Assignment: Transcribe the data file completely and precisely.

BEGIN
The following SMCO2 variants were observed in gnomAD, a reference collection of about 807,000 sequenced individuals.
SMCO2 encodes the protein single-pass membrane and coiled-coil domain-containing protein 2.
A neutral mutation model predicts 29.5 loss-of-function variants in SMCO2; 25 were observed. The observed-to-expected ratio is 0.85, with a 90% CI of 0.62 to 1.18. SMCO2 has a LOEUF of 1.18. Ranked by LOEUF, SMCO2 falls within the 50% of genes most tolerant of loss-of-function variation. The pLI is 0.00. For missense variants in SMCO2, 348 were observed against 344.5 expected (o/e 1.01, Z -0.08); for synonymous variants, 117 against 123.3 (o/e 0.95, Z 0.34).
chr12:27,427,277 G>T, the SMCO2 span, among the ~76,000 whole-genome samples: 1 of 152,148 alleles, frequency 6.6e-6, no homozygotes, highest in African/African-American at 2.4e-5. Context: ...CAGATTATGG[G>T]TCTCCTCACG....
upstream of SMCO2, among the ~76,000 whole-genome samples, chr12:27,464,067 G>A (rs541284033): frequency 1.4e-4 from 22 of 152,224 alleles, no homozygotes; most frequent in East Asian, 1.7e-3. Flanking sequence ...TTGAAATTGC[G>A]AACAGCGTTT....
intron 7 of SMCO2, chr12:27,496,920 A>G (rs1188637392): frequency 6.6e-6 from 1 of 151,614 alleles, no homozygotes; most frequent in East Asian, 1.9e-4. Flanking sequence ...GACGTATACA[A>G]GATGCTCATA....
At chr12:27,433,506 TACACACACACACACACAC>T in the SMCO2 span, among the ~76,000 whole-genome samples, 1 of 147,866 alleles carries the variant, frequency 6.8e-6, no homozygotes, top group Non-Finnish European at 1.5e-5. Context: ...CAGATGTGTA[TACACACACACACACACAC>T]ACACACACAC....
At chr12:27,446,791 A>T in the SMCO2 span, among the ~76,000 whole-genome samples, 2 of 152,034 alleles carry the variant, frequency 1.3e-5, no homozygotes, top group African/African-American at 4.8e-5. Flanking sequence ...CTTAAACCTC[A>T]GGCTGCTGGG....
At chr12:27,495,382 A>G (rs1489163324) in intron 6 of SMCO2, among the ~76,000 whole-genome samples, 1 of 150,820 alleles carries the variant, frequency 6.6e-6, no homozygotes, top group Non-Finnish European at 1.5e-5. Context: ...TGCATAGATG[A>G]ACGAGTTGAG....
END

The following SMCO2 variants were observed in gnomAD, a reference collection of about 807,000 sequenced individuals.
SMCO2 encodes the protein single-pass membrane and coiled-coil domain-containing protein 2.
A neutral mutation model predicts 29.5 loss-of-function variants in SMCO2; 25 were observed. The observed-to-expected ratio is 0.85, with a 90% CI of 0.62 to 1.18. SMCO2 has a LOEUF of 1.18. Ranked by LOEUF, SMCO2 falls within the 50% of genes most tolerant of loss-of-function variation. The pLI is 0.00. For missense variants in SMCO2, 348 were observed against 344.5 expected (o/e 1.01, Z -0.08); for synonymous variants, 117 against 123.3 (o/e 0.95, Z 0.34).
chr12:27,427,277 G>T, the SMCO2 span, among the ~76,000 whole-genome samples: 1 of 152,148 alleles, frequency 6.6e-6, no homozygotes, highest in African/African-American at 2.4e-5. Context: ...CAGATTATGG[G>T]TCTCCTCACG....
upstream of SMCO2, among the ~76,000 whole-genome samples, chr12:27,464,067 G>A (rs541284033): frequency 1.4e-4 from 22 of 152,224 alleles, no homozygotes; most frequent in East Asian, 1.7e-3. Flanking sequence ...TTGAAATTGC[G>A]AACAGCGTTT....
intron 7 of SMCO2, chr12:27,496,920 A>G (rs1188637392): frequency 6.6e-6 from 1 of 151,614 alleles, no homozygotes; most frequent in East Asian, 1.9e-4. Flanking sequence ...GACGTATACA[A>G]GATGCTCATA....
At chr12:27,433,506 TACACACACACACACACAC>T in the SMCO2 span, among the ~76,000 whole-genome samples, 1 of 147,866 alleles carries the variant, frequency 6.8e-6, no homozygotes, top group Non-Finnish European at 1.5e-5. Context: ...CAGATGTGTA[TACACACACACACACACAC>T]ACACACACAC....
At chr12:27,446,791 A>T in the SMCO2 span, among the ~76,000 whole-genome samples, 2 of 152,034 alleles carry the variant, frequency 1.3e-5, no homozygotes, top group African/African-American at 4.8e-5. Flanking sequence ...CTTAAACCTC[A>T]GGCTGCTGGG....
At chr12:27,495,382 A>G (rs1489163324) in intron 6 of SMCO2, among the ~76,000 whole-genome samples, 1 of 150,820 alleles carries the variant, frequency 6.6e-6, no homozygotes, top group Non-Finnish European at 1.5e-5. Context: ...TGCATAGATG[A>G]ACGAGTTGAG....